Pan Fried Sardines with Red Onion Salad & Chilli (£6.50)

Pan Fried Sardines with Red Onion Salad & Chilli (£6.50)

The sardines finally arrived and they were alright too (they certainly were very nicely presented). The fish was soft and meaty and had a nice flavor to it, and I enjoyed the hints of chilli. The skin was pretty soggy though, and seemed to be intentionally so (don’t know if it’s supposed to be for fried sardines?), which didn’t make it all that pleasurable to eat. All in all, another solid but uninspiring dish. 6/10.

I have to say that I did rather like the place overall. I enjoyed the buzzy atmosphere, the quick turnover of tables, and it seemed like everyone there was genuinely having a good time. It is certainly a good place to come with friends and spend a leisurely weekend afternoon. They also have some decent Spanish and Portuguese wines available, both by the glass and bottle. We didn’t order that much, but what we did have was generally cooked well, although from the dishes we chose, I didn’t really see what all the fuss was about. When in the area again, I would definitely go back to try sample more of the food.

Tapas Brindisa on Urbanspoon

Chefs vs. Critics & One Confused Host

After the tapas, we headed back to Vinopolis to watch the quiz show that pitted four famous critics against four well-known chefs. In true University Challenge style, the event was hosted by none other than Bamber Gascoigne, the original host of University Challenge before Paxman began residing over proceedings in 1994.

Another empty stage at another of Vinopolis’ private rooms

Another empty stage at another of Vinopolis’ private rooms

Richard Corrigan (Corrigan’s Mayfair & Bentley’s) and Thomasina Meirs (Masterchef Winner and of Wahaca fame) arriving to take their places

Rowley Leigh (Le Café Anglais) and Thomasina Meirs (Masterchef Winner and of Wahaca fame) arriving to take their places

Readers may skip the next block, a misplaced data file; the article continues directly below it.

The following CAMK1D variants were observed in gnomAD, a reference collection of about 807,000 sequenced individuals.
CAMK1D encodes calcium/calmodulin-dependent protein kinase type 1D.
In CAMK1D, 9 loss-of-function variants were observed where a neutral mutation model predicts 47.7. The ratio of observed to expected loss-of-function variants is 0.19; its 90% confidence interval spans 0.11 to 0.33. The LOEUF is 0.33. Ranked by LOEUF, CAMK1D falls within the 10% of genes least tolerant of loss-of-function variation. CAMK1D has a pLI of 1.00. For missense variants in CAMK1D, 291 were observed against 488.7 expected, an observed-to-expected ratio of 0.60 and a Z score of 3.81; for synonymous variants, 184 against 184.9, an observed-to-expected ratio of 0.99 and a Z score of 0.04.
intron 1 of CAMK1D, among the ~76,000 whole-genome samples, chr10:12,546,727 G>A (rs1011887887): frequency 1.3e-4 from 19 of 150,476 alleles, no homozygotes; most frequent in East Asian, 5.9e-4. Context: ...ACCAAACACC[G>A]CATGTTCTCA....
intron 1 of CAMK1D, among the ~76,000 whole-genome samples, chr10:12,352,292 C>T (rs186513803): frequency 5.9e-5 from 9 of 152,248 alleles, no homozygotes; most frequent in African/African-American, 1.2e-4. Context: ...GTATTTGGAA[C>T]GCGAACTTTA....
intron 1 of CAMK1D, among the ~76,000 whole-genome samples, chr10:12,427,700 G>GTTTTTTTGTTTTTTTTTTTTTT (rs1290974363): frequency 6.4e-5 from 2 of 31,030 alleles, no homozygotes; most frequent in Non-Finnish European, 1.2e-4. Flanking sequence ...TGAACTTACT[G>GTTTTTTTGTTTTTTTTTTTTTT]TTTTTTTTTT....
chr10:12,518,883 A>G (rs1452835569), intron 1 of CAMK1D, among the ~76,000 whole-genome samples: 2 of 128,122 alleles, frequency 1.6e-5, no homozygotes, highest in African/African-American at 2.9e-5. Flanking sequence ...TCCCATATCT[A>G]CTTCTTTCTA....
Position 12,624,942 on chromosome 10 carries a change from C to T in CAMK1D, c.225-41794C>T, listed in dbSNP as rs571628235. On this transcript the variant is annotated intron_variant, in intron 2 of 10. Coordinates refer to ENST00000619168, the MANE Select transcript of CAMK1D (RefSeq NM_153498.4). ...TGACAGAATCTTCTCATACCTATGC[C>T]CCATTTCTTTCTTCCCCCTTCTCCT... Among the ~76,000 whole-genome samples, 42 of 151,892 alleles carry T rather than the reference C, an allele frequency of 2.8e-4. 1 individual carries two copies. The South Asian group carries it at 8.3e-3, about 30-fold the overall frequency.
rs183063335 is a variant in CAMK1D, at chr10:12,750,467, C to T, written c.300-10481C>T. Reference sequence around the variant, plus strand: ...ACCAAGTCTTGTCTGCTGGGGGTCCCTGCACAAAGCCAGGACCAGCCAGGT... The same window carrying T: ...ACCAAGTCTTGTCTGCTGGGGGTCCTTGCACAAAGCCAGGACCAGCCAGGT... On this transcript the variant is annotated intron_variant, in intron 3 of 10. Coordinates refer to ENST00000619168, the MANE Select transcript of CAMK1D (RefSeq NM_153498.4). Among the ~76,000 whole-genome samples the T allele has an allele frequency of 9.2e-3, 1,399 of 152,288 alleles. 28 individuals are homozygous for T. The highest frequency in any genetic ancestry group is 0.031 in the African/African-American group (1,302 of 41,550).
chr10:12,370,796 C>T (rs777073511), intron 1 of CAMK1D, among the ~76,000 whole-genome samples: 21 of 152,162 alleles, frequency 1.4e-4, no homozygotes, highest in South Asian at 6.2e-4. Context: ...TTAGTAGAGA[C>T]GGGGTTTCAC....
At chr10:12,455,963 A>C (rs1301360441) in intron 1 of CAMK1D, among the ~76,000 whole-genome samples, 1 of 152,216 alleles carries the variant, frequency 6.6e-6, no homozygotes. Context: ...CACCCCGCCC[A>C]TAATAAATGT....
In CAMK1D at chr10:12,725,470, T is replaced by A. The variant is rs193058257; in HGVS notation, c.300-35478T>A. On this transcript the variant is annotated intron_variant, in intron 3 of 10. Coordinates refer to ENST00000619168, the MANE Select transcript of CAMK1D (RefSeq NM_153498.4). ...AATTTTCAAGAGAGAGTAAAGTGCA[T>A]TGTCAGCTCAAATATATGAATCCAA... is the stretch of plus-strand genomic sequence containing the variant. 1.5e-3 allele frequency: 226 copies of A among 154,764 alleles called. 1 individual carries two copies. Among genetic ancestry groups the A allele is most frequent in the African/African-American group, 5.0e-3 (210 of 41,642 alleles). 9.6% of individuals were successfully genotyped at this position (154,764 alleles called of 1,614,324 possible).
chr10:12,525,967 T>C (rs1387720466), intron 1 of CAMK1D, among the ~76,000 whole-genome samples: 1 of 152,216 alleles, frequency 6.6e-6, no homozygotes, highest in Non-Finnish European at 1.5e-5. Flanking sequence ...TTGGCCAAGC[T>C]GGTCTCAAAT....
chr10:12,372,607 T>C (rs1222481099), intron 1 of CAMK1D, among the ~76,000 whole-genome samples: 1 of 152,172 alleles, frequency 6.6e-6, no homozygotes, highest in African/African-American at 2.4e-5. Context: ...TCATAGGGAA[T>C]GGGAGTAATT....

The questions had been designed by Fay Maschler, one of the two key organizers of the London Restaurant Festival, and were actually quite difficult, with a number of them baffling the chefs, the critics and audience alike. There were some obscure music-related questions (one where the contestants had to name the composer of songs that ostensibly had something to do with food) and also a few image-based questions (one where they had to name what restaurant was being pictured).

Confound this newfangled technology, thinks Bamber

Confound this newfangled technology, thinks Bamber

The most amusing part of the whole evening was the fact that the very posh and measured Gascoigne could not for the life of him figure out how to change the contestants’ scores correctly. He kept giving points to the wrong side and detracting them from the right one. The audience kept heckling him, but he just didn’t seem to understand how the heck to work the controls. The tech guy from the back of the room had to interject a number of times, coming up to the stage and changing the scores for him. Gascoigne did seem to keep correct scores by writing them down on a piece of paper (old school indeed :)), and one of the organizers in the back of the room was paying attention to every detail and seemed to have the same score as Bamber. I’m not so sure they had it right, but it made for a lot of laughter and fun for the audience.

Giles Coren was licking his lips at something...however there was no food to be seen

Giles Coren was licking his lips at something...however there was no food to be seen & can't we have a smile Toby?

The chefs got off to a bad start, but it was neck-to-neck at the finish – at least they had a good time

The chefs got off to a bad start, but it was neck-to-neck at the finish – at least they had a good time (can't remember what Thomasina was laughing about)

Rowley Leigh (Le Café Anglais) seemed be by far the most knowledgeable of the chefs, while Richard Corrigan only seemed to know the answers to questions he wasn’t allowed to answer, continuously ringing his buzzer during the other side’s bonus questions, which was also quite comical

Rowley Leigh seemed be by far the most knowledgeable of the chefs, while Richard Corrigan (of Corrigan's Mayfair and Bentley's) only seemed to know the answers to questions he wasn’t allowed to answer, continuously ringing his buzzer during the other side’s bonus questions, which was also quite comical

In the end, the hour-long quiz was extended by about another half-hour or so and was quite enjoyable for all, especially the audience. We were glad to have been able to see these two often hostile factions let down their hair and have a good time in the spirit of friendly competition.

After a very long day out, mostly spent within various parts of Vinopolis, and with probably a bit too much wine involved (we had complementary cocktails before the quiz show too :)), we headed back towards London Bridge station to get some z’s.